More than 1,000 lawsuits have been filed against Merck & Co. pharmaceutical company in regards to their contraceptive NuvaRing, which has been linked to venous thromboembolism (VTE, blood clotting).  The suits were filed in a Missouri federal district court citing Merck & Co.’s apparent negligence in warning consumers of product risks and are set to begin this fall, reports Yahoo News.

NuvaRing, a plastic flexible ring released in 2001, is sold as an alternative to traditional oral contraception that, once inserted vaginally, releases hormones into the patient. It is believed that this dispersal of hormones is the cause of blood clotting which is related to the “spikes” or inconsistent delivery in hormone levels.  Last May, a “large-scale” study was released that appeared to absolve NuvaRing of any increased health dangers concerning blood clotting.  However, this study was funded by Merck & Co. and was their only attempt at an “in-depth” study in the contraceptive’s 10 years on the shelf.    

Coincidentally, the British Medical Journal published a study within that same week indicating that NuvaRing increases the risk of blood clotting almost by 90 percent compared to oral contraceptives.  Another study released the following month by the New England Journal of Medicine confirmed that  VTE risks are elevated by NuvaRing, and that  women  are 2.5 – three times more likely to develop blood clotting, which can occur in the heart, lungs or legs.  The U.S. Food and Drug Administration also indicated in increased risk of venous thromboembolism in their own study concluding that “the finding of increased risk of VTE with the . . . vaginal ring is new and raises new concern but needs to be replicated in other studies.”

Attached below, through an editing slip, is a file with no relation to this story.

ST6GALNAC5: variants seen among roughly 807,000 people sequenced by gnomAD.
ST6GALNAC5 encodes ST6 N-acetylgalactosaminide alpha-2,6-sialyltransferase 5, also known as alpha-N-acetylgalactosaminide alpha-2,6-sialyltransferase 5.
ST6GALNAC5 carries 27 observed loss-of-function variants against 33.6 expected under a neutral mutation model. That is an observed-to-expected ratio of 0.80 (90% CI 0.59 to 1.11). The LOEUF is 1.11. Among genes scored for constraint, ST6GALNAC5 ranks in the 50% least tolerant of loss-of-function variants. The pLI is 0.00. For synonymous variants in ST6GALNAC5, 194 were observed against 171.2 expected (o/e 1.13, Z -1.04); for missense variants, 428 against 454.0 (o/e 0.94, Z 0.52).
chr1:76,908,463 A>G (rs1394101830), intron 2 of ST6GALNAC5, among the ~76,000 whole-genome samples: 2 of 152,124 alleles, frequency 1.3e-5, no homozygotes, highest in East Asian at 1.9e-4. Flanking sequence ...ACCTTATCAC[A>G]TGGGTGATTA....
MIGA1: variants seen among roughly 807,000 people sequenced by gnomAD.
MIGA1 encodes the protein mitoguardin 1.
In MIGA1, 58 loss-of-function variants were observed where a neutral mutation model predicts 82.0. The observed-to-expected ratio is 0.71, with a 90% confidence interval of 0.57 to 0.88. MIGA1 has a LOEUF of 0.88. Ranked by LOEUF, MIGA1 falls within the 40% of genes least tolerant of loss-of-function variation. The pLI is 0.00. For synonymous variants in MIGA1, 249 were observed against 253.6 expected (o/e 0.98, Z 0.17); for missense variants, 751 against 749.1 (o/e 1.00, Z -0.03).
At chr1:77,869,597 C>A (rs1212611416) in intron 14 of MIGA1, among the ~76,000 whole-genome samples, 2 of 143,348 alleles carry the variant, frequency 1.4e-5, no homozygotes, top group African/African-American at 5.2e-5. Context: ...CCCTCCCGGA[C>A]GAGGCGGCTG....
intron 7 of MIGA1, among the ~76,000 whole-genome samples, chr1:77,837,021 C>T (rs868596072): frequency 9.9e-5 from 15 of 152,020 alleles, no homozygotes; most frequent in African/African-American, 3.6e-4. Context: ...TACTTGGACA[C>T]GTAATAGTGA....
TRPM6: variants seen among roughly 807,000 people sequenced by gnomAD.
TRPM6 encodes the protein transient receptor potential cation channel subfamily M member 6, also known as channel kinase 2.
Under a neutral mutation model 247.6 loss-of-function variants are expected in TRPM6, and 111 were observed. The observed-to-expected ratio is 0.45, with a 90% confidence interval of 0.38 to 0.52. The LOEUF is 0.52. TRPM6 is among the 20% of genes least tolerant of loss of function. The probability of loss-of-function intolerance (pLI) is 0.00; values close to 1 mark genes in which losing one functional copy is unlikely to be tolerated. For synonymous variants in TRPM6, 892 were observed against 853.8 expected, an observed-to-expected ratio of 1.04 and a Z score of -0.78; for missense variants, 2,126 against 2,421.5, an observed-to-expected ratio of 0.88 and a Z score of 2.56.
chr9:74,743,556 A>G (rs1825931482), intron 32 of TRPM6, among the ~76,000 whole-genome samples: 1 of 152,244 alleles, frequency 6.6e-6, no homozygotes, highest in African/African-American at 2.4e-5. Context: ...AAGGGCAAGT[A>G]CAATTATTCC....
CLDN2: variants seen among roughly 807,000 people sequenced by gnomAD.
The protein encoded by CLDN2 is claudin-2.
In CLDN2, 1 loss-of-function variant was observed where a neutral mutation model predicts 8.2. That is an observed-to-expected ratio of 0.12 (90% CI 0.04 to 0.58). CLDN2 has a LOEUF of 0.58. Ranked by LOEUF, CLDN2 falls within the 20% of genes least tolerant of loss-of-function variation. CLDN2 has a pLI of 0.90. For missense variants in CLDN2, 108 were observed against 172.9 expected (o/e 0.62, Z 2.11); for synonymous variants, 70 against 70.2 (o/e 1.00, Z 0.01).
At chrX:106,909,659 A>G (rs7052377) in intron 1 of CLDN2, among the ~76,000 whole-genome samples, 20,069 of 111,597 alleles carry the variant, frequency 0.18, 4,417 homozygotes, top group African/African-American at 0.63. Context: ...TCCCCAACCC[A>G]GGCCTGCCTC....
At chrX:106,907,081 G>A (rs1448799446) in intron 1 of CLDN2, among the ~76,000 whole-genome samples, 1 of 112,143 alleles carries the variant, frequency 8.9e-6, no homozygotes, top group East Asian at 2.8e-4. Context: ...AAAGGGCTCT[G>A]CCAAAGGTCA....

Prior to marketing NuvaRing to the public, Merck & Co. should have researched this kind of information before ever presenting the drug to the FDA for approval. The FDA, with its limited resources and reliance on accurate information from drug companies, was unable to wholly consider the risks of NuvaRing until 2011, after reports of serious adverse events.  However, that didn’t stop Merck & Co. from pursuing NuvaRing’s release to the public nearly 10 years before.  Now, plaintiffs are taking Merck & Co. to court saying the company, as reported by The Inquisitr, [CP1] [CP2] “had severely downplayed the product risks regarding life-threatening blood clots.”

This situation isn’t the first time that Merck & Co. has come under fire for neglecting to properly inform its consumers.  Just this past February, Merck & Co. was ordered to pay out $285,000 after a federal jury found Merck & Co.’s failure to warn the plaintiff’s doctors of risks associated with osteoporosis medication Fosamax, according to a Reuters report.  Tim O’Brien, an attorney with Levin, Papantonio, Thomas, Mitchell, Rafferty & Proctor, P.A., was the attorney for the New York plaintiff that filed the suit.

Personal injury lawyers all over the country are now preparing to take the pharmaceutical giant to task. Chris Paulos, also with Levin, Papantonio, is one of the attorneys who focuses special attention on the NuvaRing suits. “Keeping the public in the dark by concealing accurate and important safety information from doctors and patients has, sadly, become a routine business practice of the pharmaceutical industry,” opines Mr. Paulos.

Joshua de Leon is a writer and researcher with Ring of Fire.